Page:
This article was originally published here
Dis Colon Rectum. 2021 Nov 22. doi: 10.1097/DCR.0000000000002056. Online ahead of print.
BACKGROUND: Colorectal surgery patients with ulcerative colitis are at increased risk of postoperative venous thromboembolism. Extended prophylaxis for thromboembolism prevention has been used in colorectal surgery patients although criticized for its lack of cost-effectiveness. However, the cost-effectiveness of extended prophylaxis for postoperative ulcerative colitis patients may be unique.
OBJECTIVE: To assess the cost-effectiveness of extended prophylaxis in postoperative ulcerative colitis patients.
DESIGN: A decision analysis compared costs and benefits in postoperative ulcerative colitis patients with and without extended prophylaxis over a lifetime horizon.
SETTING: Assumptions for decision analysis were identified from available literature for a typical ulcerative colitis patient’s risk of thrombosis, age at surgery, type of thrombosis, prophylaxis risk reduction, bleeding complications, and mortality.
MAIN OUTCOME MEASURES: Costs ($) and benefits (quality-adjusted life year) reflected a societal perspective and were time-discounted at 3%. Costs and benefits were combined to produce the main outcome measure, the incremental cost-effectiveness ratio ($ per quality-adjusted life year). Multivariable probabilistic sensitivity analysis modeled uncertainty in probabilities, costs, and disutilities.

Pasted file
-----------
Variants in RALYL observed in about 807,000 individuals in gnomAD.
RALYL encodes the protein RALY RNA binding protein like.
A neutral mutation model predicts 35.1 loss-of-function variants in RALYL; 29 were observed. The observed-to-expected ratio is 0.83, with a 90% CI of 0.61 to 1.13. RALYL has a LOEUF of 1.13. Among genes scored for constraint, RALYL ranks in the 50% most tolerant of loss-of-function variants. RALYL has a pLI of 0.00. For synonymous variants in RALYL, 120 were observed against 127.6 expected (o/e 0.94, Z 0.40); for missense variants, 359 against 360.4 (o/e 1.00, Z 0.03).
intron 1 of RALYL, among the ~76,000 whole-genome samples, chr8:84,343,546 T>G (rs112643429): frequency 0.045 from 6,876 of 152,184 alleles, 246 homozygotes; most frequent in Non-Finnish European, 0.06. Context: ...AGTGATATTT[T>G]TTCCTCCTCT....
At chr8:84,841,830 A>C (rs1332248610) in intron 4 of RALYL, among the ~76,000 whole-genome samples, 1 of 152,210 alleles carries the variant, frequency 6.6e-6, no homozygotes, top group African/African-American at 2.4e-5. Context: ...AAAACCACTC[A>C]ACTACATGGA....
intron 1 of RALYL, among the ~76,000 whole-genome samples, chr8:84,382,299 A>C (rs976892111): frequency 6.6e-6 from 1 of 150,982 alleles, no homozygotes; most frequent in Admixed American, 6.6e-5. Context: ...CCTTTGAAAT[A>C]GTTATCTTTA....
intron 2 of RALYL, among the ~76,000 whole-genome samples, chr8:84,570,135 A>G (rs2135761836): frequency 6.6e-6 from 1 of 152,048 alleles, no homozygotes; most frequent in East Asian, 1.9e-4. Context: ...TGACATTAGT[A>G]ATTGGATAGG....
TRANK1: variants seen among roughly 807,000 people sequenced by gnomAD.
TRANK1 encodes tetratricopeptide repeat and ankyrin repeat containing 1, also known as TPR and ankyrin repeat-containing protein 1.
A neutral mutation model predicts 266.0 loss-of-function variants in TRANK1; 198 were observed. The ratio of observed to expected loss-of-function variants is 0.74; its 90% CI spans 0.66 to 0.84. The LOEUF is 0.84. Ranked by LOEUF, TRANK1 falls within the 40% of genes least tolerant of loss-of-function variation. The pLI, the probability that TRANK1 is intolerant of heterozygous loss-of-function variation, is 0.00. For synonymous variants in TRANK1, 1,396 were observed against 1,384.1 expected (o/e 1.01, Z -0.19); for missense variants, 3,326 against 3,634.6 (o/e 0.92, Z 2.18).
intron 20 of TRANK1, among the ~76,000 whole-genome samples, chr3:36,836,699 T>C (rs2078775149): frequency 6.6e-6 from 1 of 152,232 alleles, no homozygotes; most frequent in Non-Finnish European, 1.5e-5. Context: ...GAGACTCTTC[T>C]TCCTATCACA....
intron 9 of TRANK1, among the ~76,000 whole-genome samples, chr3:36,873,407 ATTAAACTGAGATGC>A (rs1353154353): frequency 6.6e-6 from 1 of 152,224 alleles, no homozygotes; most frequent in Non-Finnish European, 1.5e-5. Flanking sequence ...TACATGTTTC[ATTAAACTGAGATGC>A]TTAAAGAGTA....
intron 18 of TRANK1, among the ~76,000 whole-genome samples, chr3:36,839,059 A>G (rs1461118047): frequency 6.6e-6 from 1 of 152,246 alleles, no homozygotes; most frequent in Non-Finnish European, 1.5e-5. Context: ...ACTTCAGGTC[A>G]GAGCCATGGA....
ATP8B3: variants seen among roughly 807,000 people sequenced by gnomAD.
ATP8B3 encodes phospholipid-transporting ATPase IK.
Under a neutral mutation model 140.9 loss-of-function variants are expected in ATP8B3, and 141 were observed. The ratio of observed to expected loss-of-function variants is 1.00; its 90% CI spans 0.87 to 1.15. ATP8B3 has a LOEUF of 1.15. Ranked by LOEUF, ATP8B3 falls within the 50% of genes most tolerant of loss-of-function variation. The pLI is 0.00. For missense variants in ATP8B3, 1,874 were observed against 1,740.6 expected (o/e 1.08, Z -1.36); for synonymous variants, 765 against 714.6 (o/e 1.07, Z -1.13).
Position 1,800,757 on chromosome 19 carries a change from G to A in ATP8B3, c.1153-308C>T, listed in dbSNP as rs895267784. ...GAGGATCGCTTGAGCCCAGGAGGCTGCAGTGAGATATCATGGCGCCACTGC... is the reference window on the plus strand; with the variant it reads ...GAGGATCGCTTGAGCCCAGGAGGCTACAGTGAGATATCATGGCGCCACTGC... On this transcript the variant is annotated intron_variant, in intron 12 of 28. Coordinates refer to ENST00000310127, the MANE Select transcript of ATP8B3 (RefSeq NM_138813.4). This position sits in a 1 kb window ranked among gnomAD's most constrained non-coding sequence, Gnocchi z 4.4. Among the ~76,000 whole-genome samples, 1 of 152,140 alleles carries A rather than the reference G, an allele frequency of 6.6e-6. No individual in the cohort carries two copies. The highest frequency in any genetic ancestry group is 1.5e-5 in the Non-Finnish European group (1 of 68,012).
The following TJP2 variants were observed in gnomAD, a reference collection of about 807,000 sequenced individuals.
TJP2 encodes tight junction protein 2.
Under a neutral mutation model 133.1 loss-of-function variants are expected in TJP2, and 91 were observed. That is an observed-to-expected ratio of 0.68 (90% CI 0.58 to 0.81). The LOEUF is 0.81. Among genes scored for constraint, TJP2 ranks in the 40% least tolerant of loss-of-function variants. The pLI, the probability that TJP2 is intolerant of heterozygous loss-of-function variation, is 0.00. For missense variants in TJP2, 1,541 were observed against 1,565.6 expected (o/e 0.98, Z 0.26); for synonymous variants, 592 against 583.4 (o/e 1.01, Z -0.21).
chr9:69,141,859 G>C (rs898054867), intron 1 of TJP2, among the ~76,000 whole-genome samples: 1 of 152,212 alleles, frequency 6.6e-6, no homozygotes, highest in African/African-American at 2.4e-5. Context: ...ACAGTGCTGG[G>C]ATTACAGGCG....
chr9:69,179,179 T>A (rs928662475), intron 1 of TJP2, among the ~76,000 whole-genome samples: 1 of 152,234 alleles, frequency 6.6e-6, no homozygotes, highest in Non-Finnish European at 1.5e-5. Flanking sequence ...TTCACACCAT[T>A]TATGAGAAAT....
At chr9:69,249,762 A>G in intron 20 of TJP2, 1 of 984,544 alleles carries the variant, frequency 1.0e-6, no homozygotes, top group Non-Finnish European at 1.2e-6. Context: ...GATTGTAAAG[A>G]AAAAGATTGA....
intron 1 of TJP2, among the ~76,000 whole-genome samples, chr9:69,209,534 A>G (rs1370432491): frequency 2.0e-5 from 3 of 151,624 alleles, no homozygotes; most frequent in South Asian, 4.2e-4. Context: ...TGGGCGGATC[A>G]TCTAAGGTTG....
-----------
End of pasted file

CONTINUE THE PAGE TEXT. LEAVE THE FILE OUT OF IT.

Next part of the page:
RESULTS: Using reference parameters, the individual expected societal total cost of care was $957 without and $1,775 with prophylaxis (not cost-effective; $257,280 per quality-adjusted life year). Preventing a single mortality with prophylaxis would cost $5.0 million (number needed to treat: 6,134 individuals). Adjusting across a range of scenarios upheld these conclusions 77% of the time. With further sensitivity testing, VTE cumulative risk (> 1.5%) and ePpx regimen pricing (< $299) were the two parameters most sensitive to uncertainty.
LIMITATIONS: Recommendations of decision analysis methodology are limited to group decision-making, not an individual risk profile.
CONCLUSION: Routine ePpx in postoperative ulcerative colitis patients is not cost-effective. This finding is sensitive to higher than average rates of VTE and low-cost prophylaxis opportunities.